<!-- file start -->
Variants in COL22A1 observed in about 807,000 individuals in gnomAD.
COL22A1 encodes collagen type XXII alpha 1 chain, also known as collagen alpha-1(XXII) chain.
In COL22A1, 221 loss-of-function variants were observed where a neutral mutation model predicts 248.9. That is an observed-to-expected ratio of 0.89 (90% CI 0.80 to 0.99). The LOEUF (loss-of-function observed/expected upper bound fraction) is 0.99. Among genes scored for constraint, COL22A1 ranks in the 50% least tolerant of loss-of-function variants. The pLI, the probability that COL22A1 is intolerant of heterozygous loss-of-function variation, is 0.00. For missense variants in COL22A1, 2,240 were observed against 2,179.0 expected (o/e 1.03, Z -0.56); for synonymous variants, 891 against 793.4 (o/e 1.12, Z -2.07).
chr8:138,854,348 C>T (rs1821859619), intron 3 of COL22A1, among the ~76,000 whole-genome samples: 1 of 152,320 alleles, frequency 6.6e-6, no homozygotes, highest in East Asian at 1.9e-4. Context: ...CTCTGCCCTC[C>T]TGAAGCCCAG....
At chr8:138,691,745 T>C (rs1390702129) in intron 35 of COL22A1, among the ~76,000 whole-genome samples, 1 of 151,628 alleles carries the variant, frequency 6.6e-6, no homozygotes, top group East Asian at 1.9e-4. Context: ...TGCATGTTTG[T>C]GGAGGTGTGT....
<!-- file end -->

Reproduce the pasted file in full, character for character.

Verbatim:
Variants in COL22A1 observed in about 807,000 individuals in gnomAD.
COL22A1 encodes collagen type XXII alpha 1 chain, also known as collagen alpha-1(XXII) chain.
In COL22A1, 221 loss-of-function variants were observed where a neutral mutation model predicts 248.9. That is an observed-to-expected ratio of 0.89 (90% CI 0.80 to 0.99). The LOEUF (loss-of-function observed/expected upper bound fraction) is 0.99. Among genes scored for constraint, COL22A1 ranks in the 50% least tolerant of loss-of-function variants. The pLI, the probability that COL22A1 is intolerant of heterozygous loss-of-function variation, is 0.00. For missense variants in COL22A1, 2,240 were observed against 2,179.0 expected (o/e 1.03, Z -0.56); for synonymous variants, 891 against 793.4 (o/e 1.12, Z -2.07).
chr8:138,854,348 C>T (rs1821859619), intron 3 of COL22A1, among the ~76,000 whole-genome samples: 1 of 152,320 alleles, frequency 6.6e-6, no homozygotes, highest in East Asian at 1.9e-4. Context: ...CTCTGCCCTC[C>T]TGAAGCCCAG....
At chr8:138,691,745 T>C (rs1390702129) in intron 35 of COL22A1, among the ~76,000 whole-genome samples, 1 of 151,628 alleles carries the variant, frequency 6.6e-6, no homozygotes, top group East Asian at 1.9e-4. Context: ...TGCATGTTTG[T>C]GGAGGTGTGT....